What is Personal Care

About Social Care

For many people first starting out in a new care job, personal care can seem quite daunting. In this blog, we’ll be explaining exactly what is involved in personal care as a Care Assistant and some of the reasons why people may need help with personal care.

What does personal care involve?

Personal care is tailored to the needs of the individual you are caring for. When we first take on new care packages and clients, we work with them and other people involved in their care such as social workers, GP’s or family members to create a personalised care plan, which will list their needs and what the responsibilities of the carer will be.

Personal care may include:

  • Assistance with getting up and going to bed
  • Support with washing, oral care, bathing and dressing
  • Haircare and shaving
  • Skincare and care of toenails/fingernails 
  • Assisting with visits to the toilet or changing incontinence aids
  • Help with housework, including washing up, cleaning and laundry
  • Cooking meals and helping with feeding if necessary 
  • Prompting and administering medication

Why do people require Personal Care?

There are lots of reasons that people might need or want personal care.

Some people may need some help because of mobility difficulties. This might make it hard for them to get up by themselves, or they may need assistance in the bath or shower.

Others may have home care visits because they need some support in remembering to do certain tasks – for example, if they have a diagnosis of dementia or need to take a lot of medication on a regular basis.

Some people may need a short visit a couple of times a week while others might need 24-hour care. Their care plan will explain their exact needs and personalised checklists of things to do during your care visits.

Care plans are reviewed regularly, both at scheduled times and if needs change – for example, if a client has an injury, operation or need to go into hospital.

Who delivers personal care?

Care can be delivered by friends or relatives, or by paid care workers. They’re sometimes known as care assistants, support workers or personal assistants, depending on their location and employer.

As a Care Assistant you will have regular training to make sure that you’re providing the best care possible. This training may include sessions on moving and handling, safeguarding, first aid, and specialist courses on conditions such as dementia and epilepsy. You may also study towards other qualifications such as a diploma or NVQ’s.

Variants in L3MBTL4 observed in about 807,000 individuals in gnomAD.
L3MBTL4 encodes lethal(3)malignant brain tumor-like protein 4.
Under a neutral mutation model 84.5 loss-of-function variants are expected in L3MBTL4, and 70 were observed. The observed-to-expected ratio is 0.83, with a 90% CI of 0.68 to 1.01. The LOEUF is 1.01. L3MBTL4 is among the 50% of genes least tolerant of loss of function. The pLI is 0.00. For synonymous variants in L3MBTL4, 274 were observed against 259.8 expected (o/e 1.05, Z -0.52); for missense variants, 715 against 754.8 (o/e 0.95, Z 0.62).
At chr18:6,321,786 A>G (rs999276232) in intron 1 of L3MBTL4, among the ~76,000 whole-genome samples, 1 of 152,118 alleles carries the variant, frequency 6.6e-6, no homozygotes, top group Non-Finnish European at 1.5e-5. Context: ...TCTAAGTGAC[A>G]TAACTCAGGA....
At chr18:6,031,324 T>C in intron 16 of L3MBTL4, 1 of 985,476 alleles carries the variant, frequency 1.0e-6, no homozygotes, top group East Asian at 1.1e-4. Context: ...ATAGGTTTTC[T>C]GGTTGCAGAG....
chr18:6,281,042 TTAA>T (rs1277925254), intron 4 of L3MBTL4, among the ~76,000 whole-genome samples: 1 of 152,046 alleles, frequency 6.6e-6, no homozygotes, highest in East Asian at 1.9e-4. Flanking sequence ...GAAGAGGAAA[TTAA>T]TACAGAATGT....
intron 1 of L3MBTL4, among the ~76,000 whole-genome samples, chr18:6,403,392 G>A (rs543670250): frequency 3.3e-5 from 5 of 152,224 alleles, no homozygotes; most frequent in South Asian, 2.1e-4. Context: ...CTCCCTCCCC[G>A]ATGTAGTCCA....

Could you provide the care that makes a real difference?

Why is personal care important?

Personal care helps maintain a person's dignity, health and wellbeing. Good hygiene and personal care reduces the risk of infection and illness, it can also prevent pre-existing conditions from getting worse. For example, many elderly people suffer from skin conditions that will become much worse without daily moisturising or treatment creams.

It is particularly important that as a care assistant you adopt a sensitive and compassionate approach in all aspects of your work. Many service users may feel considerable embarrassment or frustration in having to receive personal care.

Personal preferences will be included in a service users notes -  how someone wants their hair to look, how they want to dress and how a woman wants their make-up applied are intensely personal decisions and as a care assistant you should always try to respect their wishes.

How to provide good personal care

There are a few things you can do as a Care Assistant to provide a good level of personal care:

  • Talk through what care is being provided, ensuring your client knows what you are doing and why
  • Listen to someone's wishes throughout 
  • Prepare and arrange tasks in a similar order to provide routine, familiarity and comfort
  • Create a happy, safe environment when dealing with personal tasks
  • Maintain levels of independence where possible - don't just do everything for someone just because it seems easier or quicker
  • Check that your client has everything they need and encourage them to buy toiletries/sanitary items if they are running out

Many of our carers will admit they were nervous at first when learning about this aspect of the role - but they soon realised that it was a vital aspect of helping people to feel clean and comfortable and good about themselves. It becomes second nature and the reward of better outcomes and happier clients as a result of this care definitely outweighs any negatives!

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